Archive - August, 2007

Taking One for the Team

This past Saturday, August 4, eight stalwart Logos employees journeyed to Lynden, Washington (25 minutes north of our offices in Bellingham) to participate in the 2007 Mushball tournament. The tournament was a fundraiser for the Lynden Firefighters Association. Mushball is essentially volleyball, but instead of playing on a court or a sunny beach we trudged around in a slurry of soft mud and water for three hours. Sound gross? We thought so too but boy was it ever fun!

Becoming one with the mush

Yours truly getting a faceful of mushPhoto courtesy of Sarah Richardson

“Go time” for Team Logos

Eliminated!

Team Logos dominated its first game thanks to some hot serving from Mark French (Technical Support) and Heidie Godfrey (Accounting). However, we didn’t last long in the winner’s bracket – losing our next two games and being quickly ousted from the tourney. Despite a few bruised knees and a lingering feeling of griminess we all had a great time and were able to help the firefighters raise thousands of dollars for some upcoming projects.

Fourteen Years and Counting

Today, August 8, 2007, marks my 14-year anniversary as an employee of Logos.
It was back in the summer of 1993, after I graduated from college, that I pestered my way into a job at a small Bible software company that had just moved to my hometown of Oak Harbor, WA. I would never have dreamed that I would grow and the company would grow in the ways we have.
I started in the sales department, answering calls from magazine ads to our 800 number. I can remember devouring the old Logos 1.6 product (on DOS 6.2/Windows 3.1, no less). This was before we even had company email at Logos; before we even had a web page at Logos.com. Hey, some of you long-time Logos users may have even purchased your software from me.
After two and a half years in sales, I moved over to the technical side of the operation, writing short programs to turn files supplied from publishers into Logos books. We worked on pioneering the pre-publication process with projects like Kittel’s 10-volume TDNT and the Liddell-Scott-Jones Greek lexicon.
This has continued to change and evolve as both Logos and I have developed; now I get to play around with the annotation of Greek corpora on multiple levels, (that’s “syntax”, which I’ve blogged about a few times :)) and think about ways to represent that information and make it more accessible and profitable for exegesis of the Holy Scriptures.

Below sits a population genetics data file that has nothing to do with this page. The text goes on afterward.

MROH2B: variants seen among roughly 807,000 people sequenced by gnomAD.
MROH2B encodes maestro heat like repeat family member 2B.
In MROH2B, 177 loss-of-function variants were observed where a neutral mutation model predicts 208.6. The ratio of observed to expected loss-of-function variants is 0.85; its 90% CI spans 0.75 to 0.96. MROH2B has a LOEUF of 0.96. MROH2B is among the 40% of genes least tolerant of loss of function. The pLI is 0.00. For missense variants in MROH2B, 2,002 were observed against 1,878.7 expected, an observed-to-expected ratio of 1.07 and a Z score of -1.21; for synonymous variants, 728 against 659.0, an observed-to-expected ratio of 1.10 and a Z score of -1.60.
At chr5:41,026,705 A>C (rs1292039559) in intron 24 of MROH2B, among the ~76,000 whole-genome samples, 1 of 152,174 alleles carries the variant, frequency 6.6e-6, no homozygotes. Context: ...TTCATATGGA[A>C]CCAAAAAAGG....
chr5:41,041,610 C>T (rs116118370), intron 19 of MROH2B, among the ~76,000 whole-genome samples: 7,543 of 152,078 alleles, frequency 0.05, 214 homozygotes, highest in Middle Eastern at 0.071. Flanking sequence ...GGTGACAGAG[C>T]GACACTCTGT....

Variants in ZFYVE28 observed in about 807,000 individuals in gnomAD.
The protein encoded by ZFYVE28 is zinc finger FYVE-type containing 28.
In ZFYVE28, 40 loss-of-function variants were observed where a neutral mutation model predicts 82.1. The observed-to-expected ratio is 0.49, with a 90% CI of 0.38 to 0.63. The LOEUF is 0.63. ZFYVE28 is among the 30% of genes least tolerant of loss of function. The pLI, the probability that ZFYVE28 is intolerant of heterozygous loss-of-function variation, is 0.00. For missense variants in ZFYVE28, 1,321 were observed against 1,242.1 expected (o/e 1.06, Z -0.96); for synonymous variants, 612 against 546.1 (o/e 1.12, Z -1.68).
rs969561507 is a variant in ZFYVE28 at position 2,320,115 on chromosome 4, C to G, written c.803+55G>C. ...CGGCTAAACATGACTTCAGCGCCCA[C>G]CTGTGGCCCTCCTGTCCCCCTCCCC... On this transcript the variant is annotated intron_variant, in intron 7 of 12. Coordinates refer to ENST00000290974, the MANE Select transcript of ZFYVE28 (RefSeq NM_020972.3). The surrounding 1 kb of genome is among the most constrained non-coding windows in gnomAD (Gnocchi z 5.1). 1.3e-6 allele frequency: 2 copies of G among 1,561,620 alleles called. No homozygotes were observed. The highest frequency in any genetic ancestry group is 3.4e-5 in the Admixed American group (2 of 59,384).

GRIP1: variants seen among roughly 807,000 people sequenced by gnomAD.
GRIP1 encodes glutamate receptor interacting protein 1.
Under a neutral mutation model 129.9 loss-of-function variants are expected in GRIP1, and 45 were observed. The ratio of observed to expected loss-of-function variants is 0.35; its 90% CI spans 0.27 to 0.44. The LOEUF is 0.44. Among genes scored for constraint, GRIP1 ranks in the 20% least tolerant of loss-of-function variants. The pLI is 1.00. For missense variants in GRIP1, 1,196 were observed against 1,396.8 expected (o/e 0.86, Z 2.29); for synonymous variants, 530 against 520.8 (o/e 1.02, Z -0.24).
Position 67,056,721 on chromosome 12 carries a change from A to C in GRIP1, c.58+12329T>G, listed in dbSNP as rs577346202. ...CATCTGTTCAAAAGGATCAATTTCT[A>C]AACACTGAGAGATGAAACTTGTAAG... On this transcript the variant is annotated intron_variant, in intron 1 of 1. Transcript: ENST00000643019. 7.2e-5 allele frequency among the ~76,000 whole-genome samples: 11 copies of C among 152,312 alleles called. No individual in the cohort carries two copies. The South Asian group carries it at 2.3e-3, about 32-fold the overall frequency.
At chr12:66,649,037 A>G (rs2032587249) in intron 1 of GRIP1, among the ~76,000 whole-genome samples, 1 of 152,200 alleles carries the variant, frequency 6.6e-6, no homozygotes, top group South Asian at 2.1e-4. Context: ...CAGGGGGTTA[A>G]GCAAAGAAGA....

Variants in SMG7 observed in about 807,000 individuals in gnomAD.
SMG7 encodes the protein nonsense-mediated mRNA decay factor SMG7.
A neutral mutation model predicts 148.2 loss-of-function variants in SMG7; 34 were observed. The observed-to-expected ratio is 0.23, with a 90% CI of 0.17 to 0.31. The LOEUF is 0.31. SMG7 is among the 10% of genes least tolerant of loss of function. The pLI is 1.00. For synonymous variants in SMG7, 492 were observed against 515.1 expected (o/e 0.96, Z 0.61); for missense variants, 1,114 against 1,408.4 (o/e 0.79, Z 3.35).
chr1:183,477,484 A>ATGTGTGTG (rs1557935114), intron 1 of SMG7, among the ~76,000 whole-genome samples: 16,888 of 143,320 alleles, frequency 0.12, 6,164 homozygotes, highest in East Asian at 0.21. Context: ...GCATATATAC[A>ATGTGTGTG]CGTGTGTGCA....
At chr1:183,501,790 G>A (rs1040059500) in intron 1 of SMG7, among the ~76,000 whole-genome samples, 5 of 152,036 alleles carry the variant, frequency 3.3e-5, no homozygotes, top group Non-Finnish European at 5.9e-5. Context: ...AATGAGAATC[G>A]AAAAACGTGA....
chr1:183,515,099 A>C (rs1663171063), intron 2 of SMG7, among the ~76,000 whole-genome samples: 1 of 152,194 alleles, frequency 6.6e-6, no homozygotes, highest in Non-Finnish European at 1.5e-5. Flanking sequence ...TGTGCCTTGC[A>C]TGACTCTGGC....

Along the way, I met and married a wonderful woman and began a family. What an awesome blessing!
I can’t underscore enough what a great place Logos is to work; and what great friends the people I work with have become. Bob and Dale Pritchett, along with my colleagues Eli Evans, Vincent Setterholm, Michael Heiser, Steve Runge and Sean Boisen (and their respective families) are less like colleagues and more like family to me. They challenge me, they encourage me, and they keep me honest. Working here is fun and rewarding. And the cook-offs!
As year 15 begins, I’m more excited than ever. We have some really cool stuff we’re working on. Have you followed Sean Boisen’s Bible Knowledgebase posts? And have you heard about BibleTech 2008? That’s only the tip of the iceberg. I’m anxious to see where it all leads, and I’m privileged to play a part, however small, in making it happen.
Of course, you might be able to come and join us. We have a bunch of jobs posted online. Don’t let the old dates on some of the descriptions fool you; these are typically standing openings—if you’re the right person, we want to talk with you. So if any of this stuff sounds like it is up your alley, then check out the jobs page and come join the fun. Maybe you’ll be writing your own “Fourteen Years and Counting” blog post on the Logos blog in years to come!

Atoms and Molecules; or, Morphology and Syntax

Anyone who has taken a science class has likely had an introduction to the basic concept of an atom (the smallest particle still holding the properties of an element). This person also likely has an understanding that molecules are built up of atoms.
This is all loosely speaking, of course—serious scientists would differ with my imprecise descriptions and use of these terms. This is why we have a periodic table of the elements. The table visually represents the basic ingredients of what I will loosely call “stuff”.

Thus atoms of hydrogen (H) are different from atoms of oxygen (O). This is well and good; these basic elements that make up “stuff” need to be kept separate and properly defined.
However, life is not so neat. Outside of a science lab, welding shop or hospital, we rarely concern ourselves with pure elements. We concern ourselves with molecules, like the ever-popular H20; two atoms of hydrogen combined with one atom of oxygen—better known as “water”.


H2O, better known as “water”
(courtesy http://www.knowledgerush.com/kr/encyclopedia/Water/)

This same sort of relationship exists in grammar. Consider words and information about words (known as “morphology”) are the atoms. And this sort of information—definition, part of speech, etc.—is very helpful.


First Timothy 1:1-2